My hair is brown and has a lot of reddish highlights in it naturally. I also have a lot of gray now. I used to use the "golden" browns on my hair but it would always have more red or brassy tones in it than I liked. I do my own color, and my hairdresser suggested going with ash tones, which I use now. I still have a lot of reddish tone to my hair, but I like the way it looks now, at least it's not brassy, which I hate. I WISH I could get by with just highlighting my hair because that's the way I really like it, but there is too much gray to do that now.
    And........this brings me to another question - how many of you were brown haired originally, went gray, and ended up blonde? The reason I ask is because the more gray I get, the more often I have to color to hide it, and when you color brown over gray, you will inevitably get that "white stripe" when it's growing out. Just seems like the more you gray, the lighter the shade of color you should use. Any opinions??
  11. ssMarilyn

    ssMarilyn New Member

    I had heard of hair dye being dangerous way back in the early 80's if I remember correctly. As long as someone just highlights their hair then, they should be pretty safe. I'm a natural blonde, but the older we get, the mousier and darker our color gets, so yes, I DO look matronly when I don't keep it up. It's amazing what a difference hair color can make on a person. I even get kind of depressed when my hair isn't the right color!

    Marilyn :)
  12. Achy-shaky

    Achy-shaky New Member

    Three yrs ago after my doc kept finding blood in urine samples & sent me to urologist - thankfully they caught it early at stage 1 and removed the tumor and so far it hasn't come back (I get checked every 6 mos).
    I did research on it (don't remember where) and read that it can comes from smoking or other chemicals, one being in dark hair dye (even Alburn which I used to use). I had smoked but quit 2 yrs before they found it but my doc says it can take yrs to grow so who's to know if it came from the smoking or the dye. I didn't want to take any more chances so I stopped with the hair dye and have learned to love the "real me" - changed my hair style somewhat and ironically now get complimented more than I used. Of course no hair dresser is going to tell you anything that may stop her business - I asked mine & she said she never heard of such a thing but if I was worried I could just do highlights which don't touch the scalp so I'm guessing it gets in your system thru your scalp so not sure but there may be some danger in the Casting but probably not as bad as the permanent ones. I'm leary of them all and am high risk since my Mom died from breast cancer. I have learned to accept my grey as part of me.

    I would suggest that anyone using hair dye have a urine test yearly even though they say you don't always get blood in urine and having blood in urine doesn't automatically mean you have bladder cancer because in some people it's a normal thing but get it checked anyway. They can check your bladder with a cystoscope in a matter of a few minutes if you have any concerns about it.

    What kind of problems are you having with bladder? I still have what they call urgency but it's not related to having cancer...it's an FM thing.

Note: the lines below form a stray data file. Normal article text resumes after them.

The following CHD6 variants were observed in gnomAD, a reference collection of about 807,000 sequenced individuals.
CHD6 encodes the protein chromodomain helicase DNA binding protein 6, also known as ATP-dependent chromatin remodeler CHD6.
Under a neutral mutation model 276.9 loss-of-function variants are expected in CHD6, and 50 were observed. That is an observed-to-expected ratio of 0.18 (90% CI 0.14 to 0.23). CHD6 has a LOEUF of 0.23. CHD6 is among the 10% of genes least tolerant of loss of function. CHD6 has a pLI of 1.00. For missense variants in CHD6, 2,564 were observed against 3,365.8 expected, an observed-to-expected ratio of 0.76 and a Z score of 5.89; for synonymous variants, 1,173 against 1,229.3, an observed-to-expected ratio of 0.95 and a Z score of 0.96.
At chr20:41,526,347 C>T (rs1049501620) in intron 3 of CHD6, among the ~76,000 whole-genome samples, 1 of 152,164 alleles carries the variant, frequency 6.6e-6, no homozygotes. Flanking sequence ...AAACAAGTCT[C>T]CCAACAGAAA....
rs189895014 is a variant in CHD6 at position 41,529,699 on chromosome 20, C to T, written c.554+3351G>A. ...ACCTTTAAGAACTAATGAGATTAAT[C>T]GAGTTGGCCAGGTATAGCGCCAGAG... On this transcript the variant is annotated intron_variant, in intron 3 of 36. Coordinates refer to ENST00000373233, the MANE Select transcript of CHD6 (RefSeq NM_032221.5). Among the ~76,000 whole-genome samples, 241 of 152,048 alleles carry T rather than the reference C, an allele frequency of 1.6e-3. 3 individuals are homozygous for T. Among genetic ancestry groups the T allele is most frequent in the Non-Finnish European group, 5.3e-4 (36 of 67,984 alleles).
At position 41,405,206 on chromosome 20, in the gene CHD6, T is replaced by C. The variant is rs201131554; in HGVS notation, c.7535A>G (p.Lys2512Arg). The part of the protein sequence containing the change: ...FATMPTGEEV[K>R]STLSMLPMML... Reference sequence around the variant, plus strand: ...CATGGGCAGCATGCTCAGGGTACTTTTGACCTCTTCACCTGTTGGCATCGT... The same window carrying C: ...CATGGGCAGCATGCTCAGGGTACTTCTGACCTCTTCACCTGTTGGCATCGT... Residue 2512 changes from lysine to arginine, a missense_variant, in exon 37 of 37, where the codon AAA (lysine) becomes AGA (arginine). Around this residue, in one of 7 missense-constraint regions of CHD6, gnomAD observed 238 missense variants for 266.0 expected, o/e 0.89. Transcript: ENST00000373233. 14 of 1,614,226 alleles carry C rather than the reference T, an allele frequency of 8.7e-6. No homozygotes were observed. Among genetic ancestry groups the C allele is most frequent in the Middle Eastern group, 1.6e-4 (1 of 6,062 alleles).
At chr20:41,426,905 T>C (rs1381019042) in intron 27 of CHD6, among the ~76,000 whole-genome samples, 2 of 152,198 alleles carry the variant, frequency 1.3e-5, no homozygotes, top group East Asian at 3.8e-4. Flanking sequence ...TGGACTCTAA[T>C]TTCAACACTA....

Hope that helps from one who has been there!!
    Butterfly Blessings
  13. blessings

    blessings New Member

    As a former cosmetolgist and teacher, of course when anything comes on board with that topic, I just can't refrain from responding.(smile). I do believe that there could be a risk from using the very black hair color over period of many years.The only way it could enter the body for that much toxidity, would be absorded through the skin of the scalp. Commercial color preparations are not as strong as professional, otherwise could not be sold over the counter. One good way, to minimize grey hair is to have done what is called a reverse frost. Hair is pulled through cap and darkened, instead of lightened, reducing the percentage of white or grey showing and giving an all over 'appearance' of seeing more dark that grey. And yes, it is true that covering ash, is a little tricky, it does tend to turn green, just like blonde hair will if covered with ash color, instead, an extra amount of "red" undertone color must be added to the ash color to prevent this. Ash colors have a blue base and in hair,all three primary shades are needed, in varying levels to achieve end results.
    I know that the highest risk is to the cosmetologist who must be exposed to these chemicals everyday.Not only coloring, but permanent solutions as well, also hair spray!
    Tone on tone colorants would not be any differant than any other commercial color.Cosmetologists(hairdressers) must attend every two years, prior to license renewal, continuing educational classes on product knowledge and a variety of topic related to this field. They are not privy to any inside information that would be dangerous and continue to use these products on clients if such knowledge existed and was known to them.Personally, the danger is to the respiritory system of the stylist! We do need hairdressers , but I for one, will not advise anyone to go into that field anymore, since I have myself, now, asthma. My condition began after some years in the business as well as sinus problems exacerbated. I wonder how the study linking bladder and color was conducted? There are so many that color hair, and do not have a problem. Anyway, just my own thought interjected there. I have noticed my grey hair is more silvery and since I no longer want to do the 6 week touch ups am growing out to see how my hair looks without any color or frosting..Lindsey, might try going without the color for a while, if you are concerned, or space the color out to a minimum of 6 weeks. Every 18 days to 3 weeks is pretty often, unless you are using a semi permanent color, which sounds like is your case. Frosting the hair can allow someone to go longer than the 6 weeks also..blessings